Drug-eluting stents improved the outcomes of patients who developed blockages in veins that had been surgically grafted onto the heart, according to a study by researchers at Cedars Sinai Medical Center in Los Angeles.
Compared with conventional bare metal stents, the drug-eluting stents-which slowly release medication to prevent the overgrowth of scar tissue inside the stent-significantly reduced the number of heart attacks and repeat procedures, both signs of restenosis (re-narrowing) within the stent.
Researchers analyzed data from 223 patients who underwent a stenting procedure to restore blood flow through clogged vein grafts. Of those patients, 139 were treated with a drug-eluting stent, and 84 were treated with a bare metal stent.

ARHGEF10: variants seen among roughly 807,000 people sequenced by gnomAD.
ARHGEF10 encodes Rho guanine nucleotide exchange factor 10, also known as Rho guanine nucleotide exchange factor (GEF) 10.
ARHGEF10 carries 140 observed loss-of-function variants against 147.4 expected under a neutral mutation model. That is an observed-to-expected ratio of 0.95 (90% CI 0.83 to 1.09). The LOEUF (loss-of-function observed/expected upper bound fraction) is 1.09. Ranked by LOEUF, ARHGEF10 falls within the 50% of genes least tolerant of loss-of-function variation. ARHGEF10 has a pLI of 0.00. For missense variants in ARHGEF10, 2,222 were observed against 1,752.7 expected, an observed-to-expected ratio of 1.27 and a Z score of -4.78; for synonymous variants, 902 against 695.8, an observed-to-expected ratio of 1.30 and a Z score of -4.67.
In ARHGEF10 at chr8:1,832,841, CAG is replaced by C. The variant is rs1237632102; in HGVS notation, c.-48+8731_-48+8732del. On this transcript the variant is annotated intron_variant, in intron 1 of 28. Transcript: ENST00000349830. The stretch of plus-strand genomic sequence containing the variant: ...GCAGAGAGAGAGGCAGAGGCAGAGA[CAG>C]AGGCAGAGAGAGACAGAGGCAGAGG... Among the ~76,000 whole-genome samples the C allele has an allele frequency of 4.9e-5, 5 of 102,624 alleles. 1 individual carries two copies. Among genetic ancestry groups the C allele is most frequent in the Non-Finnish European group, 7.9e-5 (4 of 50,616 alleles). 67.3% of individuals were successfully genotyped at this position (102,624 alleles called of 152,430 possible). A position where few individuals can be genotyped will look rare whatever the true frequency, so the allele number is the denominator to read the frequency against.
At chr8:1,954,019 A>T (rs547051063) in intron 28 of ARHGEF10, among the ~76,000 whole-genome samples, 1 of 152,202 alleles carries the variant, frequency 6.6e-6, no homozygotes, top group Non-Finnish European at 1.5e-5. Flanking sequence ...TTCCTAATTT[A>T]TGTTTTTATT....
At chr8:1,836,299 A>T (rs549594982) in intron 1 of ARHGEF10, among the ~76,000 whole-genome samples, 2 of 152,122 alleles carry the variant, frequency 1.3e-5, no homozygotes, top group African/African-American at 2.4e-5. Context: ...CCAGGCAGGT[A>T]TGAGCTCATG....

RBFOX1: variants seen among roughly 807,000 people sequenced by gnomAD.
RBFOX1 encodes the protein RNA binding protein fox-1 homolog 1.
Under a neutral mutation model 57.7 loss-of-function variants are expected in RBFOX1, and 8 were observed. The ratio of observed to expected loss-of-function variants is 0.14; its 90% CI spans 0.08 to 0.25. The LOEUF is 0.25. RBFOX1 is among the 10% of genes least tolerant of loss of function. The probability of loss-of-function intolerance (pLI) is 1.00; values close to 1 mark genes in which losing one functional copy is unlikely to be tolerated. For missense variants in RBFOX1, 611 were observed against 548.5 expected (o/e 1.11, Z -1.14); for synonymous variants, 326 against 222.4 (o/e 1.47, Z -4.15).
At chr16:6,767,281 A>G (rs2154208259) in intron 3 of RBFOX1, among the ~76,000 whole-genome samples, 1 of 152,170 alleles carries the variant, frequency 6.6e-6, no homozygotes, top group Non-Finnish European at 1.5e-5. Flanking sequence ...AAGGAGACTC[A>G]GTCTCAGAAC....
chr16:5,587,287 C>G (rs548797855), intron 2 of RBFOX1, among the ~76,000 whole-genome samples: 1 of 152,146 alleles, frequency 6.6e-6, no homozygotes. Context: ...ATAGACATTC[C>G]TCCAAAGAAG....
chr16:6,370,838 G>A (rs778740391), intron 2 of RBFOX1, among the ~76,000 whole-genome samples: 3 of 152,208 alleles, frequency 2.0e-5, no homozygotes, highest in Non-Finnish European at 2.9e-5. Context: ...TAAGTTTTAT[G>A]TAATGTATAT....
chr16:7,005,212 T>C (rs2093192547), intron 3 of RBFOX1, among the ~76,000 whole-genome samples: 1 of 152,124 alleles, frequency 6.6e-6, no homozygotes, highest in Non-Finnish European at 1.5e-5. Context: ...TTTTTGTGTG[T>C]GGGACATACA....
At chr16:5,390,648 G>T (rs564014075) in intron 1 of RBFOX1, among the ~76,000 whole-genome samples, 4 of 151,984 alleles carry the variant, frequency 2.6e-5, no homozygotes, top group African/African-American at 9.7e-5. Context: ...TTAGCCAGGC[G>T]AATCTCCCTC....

After nine months, 4% of the patients who were treated with the drug-eluting stent had had a hear t attack, compared with 20% of the patient s who had received a bare metal stent. Only 10% of the patients in the drug-eluting stent group required a repeat procedure, compared with370/o of those who got a bare metal stent.
"There was a fourfold reduction in the incidence of restenosis with the medicated stents, at least over the short term. That's very encouraging," says Dr. Raj Makkar, codirector of the Cardiovascular Intervention Center at Cedars Sinai Medical Center.
Overall, the combined rates of heart attack, repeat procedure and death were 10% in the drug-eluting stent group and 37% in the bare metal stent group.
The Cedars Sinai team will continue to follow the patients to study whether the drug-eluting stents offer long-term benefits.
Want to Keep Reading?
Continue reading with a Health Confidential membership.